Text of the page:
Writer: Dhruva Nistane is a debater who discusses current issues and wants to bring attention to Syrian refugees by writing abut their hardships.
In this day and age, we do not expect blatant human right violations to occur. However, neither did the Jewish population in Europe during the Holocaust. We as a society have grown neglectful and distant from the lack of morality present in our globe against innocent civilians. We as a society have grown too comfortable in a way where we view and hear about clear violations of human rights violations with indifference. Today at this very moment though, civilians our age are threatened by irrational leaders who threaten their survival, but we merely look on and then move on.
This namely holds true in the topic of Syria- a war torn nation where human rights violations occur on a daily and regular basis. The Syrian government led by President Bashar al-Assad, as well as other rebel groups have committed serious acts that violate international law against their own people. Syria has also been spearheading a myriad of war crimes occurring in the country. Adding to the unrest in the region is the presence of terrorist organizations such as ISIS, who further target and harm civilians in the region. The years of abuse from these parties have raised the death toll of the conflict in Syria to 250,000 lives, of which 100,000 are civilians. This staggering number of civilians have received no retribution for their lives due to the fact that no substantive efforts have been made in a multilateral manner to end the war. In August 2013, the Syrian government used chlorine gas, a chemical weapon, against civilians in Ghouta. This act directly violated the Chemical Weapons Convention and thus Syria’s declared chemical weapons were destroyed. Furthermore, between July 2012 and July 2014, the Syrian government used cluster munitions on a large scale. About 249 attacks have been identified with seven types of cluster munitions utilized. This has additionally massacred innocent civilians and has devastated infrastructure. Additionally, Syria, in defiance of UNSC Resolution 2139, bombed Aleppo neighborhoods over 650 times. These bombs were regularly used from February 2014 to July 2014 and an estimated 3557 civilians have been killed in merely the Aleppo area. The Syrian government has also conducted numerous sieges to starve civilians and harm them. This, in violation of UNSC resolution 2139, was used to force civilians and groups to submit to the Syrian government. However, this is only the beginning of the heinous crimes of the Syrian government. Syrian forces have arbitrarily detained people without any rights given to them. From this, many civilians are inhumanely tortured and are subject to inhumane treatment causing them to starve or contract diseases. Soon these detainees are lost in one of the many Syrian detention facilities. At the moment, a myriad of human rights workers and activists are in this arbitrary detention,a violation of UNSC Resolution 2139.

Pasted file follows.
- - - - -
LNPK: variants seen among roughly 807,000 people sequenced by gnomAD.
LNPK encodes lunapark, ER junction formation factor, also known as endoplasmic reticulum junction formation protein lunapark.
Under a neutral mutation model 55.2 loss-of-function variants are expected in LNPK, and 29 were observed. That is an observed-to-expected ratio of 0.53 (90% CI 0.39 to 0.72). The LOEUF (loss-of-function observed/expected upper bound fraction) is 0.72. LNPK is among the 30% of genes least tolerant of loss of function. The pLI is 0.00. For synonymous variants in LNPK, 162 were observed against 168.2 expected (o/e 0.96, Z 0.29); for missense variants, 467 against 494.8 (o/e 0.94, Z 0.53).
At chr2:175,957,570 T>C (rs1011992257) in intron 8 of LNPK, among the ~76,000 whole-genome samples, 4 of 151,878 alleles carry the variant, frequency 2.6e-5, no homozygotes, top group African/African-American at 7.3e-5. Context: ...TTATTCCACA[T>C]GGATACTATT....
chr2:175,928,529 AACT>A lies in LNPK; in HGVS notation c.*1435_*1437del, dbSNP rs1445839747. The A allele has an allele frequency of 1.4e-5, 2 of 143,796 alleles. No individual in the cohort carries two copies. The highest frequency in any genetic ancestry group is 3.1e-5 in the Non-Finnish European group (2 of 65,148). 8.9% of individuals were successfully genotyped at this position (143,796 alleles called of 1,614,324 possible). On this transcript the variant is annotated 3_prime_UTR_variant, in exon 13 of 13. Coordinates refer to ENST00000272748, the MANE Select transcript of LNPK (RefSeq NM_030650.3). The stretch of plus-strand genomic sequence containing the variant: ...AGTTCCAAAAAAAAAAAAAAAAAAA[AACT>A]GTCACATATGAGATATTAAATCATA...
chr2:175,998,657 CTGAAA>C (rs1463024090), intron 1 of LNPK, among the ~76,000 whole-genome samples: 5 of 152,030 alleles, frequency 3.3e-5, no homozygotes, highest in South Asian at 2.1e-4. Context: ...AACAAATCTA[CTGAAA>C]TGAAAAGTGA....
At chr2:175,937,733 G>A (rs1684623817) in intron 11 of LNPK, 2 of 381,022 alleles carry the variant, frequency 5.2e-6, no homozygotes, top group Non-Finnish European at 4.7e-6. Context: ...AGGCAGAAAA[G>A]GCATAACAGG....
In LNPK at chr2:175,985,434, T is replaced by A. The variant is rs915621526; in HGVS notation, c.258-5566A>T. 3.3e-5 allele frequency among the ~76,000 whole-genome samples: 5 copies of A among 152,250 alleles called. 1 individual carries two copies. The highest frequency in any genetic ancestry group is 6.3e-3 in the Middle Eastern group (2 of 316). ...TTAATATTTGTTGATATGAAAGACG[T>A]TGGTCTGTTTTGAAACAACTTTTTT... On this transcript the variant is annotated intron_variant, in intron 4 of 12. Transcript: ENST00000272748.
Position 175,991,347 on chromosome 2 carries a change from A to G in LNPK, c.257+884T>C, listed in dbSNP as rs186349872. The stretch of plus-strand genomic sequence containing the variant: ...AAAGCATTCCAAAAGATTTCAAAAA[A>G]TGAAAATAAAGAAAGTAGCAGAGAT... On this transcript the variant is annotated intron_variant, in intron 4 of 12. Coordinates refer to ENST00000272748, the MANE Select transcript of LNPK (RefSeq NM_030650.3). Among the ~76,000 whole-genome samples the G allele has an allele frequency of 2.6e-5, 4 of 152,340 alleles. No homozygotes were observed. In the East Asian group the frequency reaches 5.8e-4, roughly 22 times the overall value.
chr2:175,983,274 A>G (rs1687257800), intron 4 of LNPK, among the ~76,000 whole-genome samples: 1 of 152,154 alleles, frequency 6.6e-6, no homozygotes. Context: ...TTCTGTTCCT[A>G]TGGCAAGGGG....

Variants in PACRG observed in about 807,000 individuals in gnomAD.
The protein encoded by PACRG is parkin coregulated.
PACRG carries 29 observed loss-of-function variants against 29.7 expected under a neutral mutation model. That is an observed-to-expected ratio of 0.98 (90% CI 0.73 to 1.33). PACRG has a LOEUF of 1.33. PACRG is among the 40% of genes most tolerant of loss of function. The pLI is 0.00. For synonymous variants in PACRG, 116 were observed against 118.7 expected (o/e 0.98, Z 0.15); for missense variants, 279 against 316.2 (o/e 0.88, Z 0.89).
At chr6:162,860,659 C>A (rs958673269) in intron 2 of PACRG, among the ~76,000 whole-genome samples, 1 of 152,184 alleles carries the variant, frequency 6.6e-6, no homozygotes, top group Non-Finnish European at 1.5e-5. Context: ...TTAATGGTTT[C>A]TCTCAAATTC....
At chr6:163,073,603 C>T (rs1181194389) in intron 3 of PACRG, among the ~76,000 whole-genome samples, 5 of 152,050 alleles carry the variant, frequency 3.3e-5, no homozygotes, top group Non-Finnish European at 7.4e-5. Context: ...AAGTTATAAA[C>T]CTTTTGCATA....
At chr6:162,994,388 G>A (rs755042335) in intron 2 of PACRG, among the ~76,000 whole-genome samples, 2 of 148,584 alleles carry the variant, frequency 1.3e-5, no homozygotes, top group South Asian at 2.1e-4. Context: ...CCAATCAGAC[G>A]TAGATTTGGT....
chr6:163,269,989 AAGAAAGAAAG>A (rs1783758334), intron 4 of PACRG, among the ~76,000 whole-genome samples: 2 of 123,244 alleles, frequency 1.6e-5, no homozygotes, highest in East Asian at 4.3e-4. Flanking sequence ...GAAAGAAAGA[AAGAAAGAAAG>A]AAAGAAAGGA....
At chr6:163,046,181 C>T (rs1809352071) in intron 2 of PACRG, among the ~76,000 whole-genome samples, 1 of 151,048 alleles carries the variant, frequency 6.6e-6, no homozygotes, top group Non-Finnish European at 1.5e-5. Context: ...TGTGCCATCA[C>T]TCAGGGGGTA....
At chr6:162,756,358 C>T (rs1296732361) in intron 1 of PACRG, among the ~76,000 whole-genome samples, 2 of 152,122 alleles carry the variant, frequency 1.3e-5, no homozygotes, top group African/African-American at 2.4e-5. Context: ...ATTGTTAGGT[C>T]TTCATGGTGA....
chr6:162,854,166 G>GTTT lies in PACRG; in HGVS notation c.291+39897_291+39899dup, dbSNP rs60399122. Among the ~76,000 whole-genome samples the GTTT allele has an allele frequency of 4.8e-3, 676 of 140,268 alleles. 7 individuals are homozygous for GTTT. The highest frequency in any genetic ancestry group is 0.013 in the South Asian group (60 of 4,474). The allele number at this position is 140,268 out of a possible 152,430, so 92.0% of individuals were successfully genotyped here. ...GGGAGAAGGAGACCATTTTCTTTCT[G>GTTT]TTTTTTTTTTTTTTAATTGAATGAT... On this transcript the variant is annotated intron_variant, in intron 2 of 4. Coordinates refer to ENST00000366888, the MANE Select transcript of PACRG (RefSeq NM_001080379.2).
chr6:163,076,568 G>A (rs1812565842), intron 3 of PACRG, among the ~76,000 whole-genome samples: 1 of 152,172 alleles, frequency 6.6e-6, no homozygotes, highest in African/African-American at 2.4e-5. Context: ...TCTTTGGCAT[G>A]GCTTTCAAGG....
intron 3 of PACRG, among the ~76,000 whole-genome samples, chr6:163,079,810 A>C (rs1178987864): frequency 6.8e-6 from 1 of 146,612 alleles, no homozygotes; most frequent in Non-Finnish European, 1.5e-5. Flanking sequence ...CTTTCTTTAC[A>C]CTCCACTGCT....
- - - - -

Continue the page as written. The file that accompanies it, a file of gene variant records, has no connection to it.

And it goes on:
This unrest has been multiplied by human rights abuses by terrorist organizations such as ISIS and Jabhat al-Nusra. ISIS and Jabhat al-Nusra have taken a share in the perpetuated violence through cluster munitions car bombings, restricting and discriminatory laws toward women, and child soldiers. Seeing their word as law, they have independently taken it upon themselves to punish civilians for actions and ban activities such as listening to music. Along with this, non-state armed groups such as the Free Syrian Army and the Islamic Front have joined in the cause of increasing the death toll by participating in the employment of child soldiers and abductions.
Understanding the current volatile condition of Syria, where one cannot be sure if they will wake up tomorrow, it is obvious why Syrians would flock to neighboring nations for sanctuary. It is obvious that they would rather live in freedom than die as another number in the death toll of a violent civil war. For this reason, substantive action must be taken globally not just to temporarily improve the lives of Syrian refugees in the nations they have fled to, but to fix the root of the issue- Syria itself. If Syria can be stabilized and a referendum can be put in place to see what the people want, the Syrian refugee crisis would dissolve! Thus, the first steps must be taken to end the massacre in Syria and bring justice to our fellow fallen civilians. This is the 21st century, a time period of equality and democracy, not dictatorship and injustice. It is a time of collaboration and innovation, not unilateral action and destruction. To stop these human rights violations, we must think of one another as fellow humans, and put an end to the crimes of Syria.